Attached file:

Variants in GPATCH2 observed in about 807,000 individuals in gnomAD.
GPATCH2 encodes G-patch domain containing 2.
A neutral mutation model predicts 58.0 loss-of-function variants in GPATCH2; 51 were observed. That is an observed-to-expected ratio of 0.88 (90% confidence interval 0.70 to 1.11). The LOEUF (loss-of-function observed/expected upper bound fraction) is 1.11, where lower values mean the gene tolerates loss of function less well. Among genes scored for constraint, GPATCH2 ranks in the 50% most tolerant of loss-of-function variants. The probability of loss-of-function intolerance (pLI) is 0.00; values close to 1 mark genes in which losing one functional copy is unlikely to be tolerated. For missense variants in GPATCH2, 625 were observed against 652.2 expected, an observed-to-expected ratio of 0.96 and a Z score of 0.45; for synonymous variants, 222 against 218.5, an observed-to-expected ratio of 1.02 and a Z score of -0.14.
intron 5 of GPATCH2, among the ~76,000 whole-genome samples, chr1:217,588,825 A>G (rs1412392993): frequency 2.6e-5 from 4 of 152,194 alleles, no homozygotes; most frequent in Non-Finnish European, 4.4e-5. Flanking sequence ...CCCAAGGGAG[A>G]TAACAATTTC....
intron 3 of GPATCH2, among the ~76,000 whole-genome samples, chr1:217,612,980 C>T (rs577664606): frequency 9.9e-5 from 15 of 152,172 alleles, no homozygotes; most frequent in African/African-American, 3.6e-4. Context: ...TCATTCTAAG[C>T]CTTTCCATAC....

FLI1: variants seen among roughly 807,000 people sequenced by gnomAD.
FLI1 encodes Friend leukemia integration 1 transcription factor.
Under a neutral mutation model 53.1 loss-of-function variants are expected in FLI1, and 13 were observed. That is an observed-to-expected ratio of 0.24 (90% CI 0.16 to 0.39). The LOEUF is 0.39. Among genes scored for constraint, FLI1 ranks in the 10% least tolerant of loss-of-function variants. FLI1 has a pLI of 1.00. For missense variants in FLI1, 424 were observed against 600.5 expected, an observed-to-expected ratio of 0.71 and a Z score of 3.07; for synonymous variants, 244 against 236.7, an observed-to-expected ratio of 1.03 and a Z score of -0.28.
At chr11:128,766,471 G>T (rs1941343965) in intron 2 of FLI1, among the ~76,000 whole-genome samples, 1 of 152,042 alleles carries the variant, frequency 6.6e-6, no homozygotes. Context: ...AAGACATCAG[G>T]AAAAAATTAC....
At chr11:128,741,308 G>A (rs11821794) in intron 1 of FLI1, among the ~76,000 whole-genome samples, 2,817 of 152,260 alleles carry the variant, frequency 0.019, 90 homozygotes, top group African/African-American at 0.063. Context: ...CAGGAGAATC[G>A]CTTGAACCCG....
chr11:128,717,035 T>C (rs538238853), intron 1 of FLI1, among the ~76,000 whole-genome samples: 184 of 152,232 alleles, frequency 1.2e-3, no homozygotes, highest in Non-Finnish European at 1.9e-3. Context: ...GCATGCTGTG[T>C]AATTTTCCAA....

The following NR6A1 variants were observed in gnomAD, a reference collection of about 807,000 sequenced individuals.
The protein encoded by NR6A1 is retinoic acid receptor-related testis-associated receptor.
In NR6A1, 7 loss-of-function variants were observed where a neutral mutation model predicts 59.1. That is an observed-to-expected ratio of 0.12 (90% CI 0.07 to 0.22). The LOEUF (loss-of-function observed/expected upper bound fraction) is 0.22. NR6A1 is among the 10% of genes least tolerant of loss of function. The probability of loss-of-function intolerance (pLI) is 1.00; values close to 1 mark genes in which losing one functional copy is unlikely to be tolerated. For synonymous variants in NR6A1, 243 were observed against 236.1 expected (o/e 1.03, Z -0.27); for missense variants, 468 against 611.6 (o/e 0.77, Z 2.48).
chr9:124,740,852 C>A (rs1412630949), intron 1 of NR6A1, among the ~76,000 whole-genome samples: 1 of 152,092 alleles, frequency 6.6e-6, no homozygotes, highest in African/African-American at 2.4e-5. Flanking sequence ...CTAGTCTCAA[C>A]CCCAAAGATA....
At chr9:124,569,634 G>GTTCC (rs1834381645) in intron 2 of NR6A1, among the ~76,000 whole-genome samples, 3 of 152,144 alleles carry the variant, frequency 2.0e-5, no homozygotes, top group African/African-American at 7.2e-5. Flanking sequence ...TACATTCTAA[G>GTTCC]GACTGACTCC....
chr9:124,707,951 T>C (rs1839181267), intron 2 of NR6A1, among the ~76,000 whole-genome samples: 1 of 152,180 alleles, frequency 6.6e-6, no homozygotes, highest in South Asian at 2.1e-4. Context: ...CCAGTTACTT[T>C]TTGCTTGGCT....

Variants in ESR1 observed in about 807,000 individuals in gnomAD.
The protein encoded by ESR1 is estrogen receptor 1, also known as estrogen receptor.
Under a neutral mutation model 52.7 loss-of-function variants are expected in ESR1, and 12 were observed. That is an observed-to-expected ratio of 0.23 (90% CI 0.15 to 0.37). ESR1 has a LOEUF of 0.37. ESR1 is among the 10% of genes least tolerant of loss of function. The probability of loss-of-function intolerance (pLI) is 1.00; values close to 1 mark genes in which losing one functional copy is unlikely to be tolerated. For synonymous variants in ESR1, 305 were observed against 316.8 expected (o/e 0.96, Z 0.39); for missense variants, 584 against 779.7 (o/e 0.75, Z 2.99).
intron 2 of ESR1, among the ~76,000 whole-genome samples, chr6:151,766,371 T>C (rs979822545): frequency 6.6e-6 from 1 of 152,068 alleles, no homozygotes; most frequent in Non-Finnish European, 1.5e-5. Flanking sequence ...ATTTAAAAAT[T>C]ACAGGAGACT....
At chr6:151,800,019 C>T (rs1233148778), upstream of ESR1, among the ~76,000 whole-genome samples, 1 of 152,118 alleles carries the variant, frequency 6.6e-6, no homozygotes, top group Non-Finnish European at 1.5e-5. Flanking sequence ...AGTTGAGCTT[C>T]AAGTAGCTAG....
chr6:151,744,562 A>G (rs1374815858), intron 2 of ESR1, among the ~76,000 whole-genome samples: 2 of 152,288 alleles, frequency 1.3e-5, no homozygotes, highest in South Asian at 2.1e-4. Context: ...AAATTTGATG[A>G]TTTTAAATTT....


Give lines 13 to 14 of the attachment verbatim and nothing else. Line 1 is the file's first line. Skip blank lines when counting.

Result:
The protein encoded by NR6A1 is retinoic acid receptor-related testis-associated receptor.
In NR6A1, 7 loss-of-function variants were observed where a neutral mutation model predicts 59.1. That is an observed-to-expected ratio of 0.12 (90% CI 0.07 to 0.22). The LOEUF (loss-of-function observed/expected upper bound fraction) is 0.22. NR6A1 is among the 10% of genes least tolerant of loss of function. The probability of loss-of-function intolerance (pLI) is 1.00; values close to 1 mark genes in which losing one functional copy is unlikely to be tolerated. For synonymous variants in NR6A1, 243 were observed against 236.1 expected (o/e 1.03, Z -0.27); for missense variants, 468 against 611.6 (o/e 0.77, Z 2.48).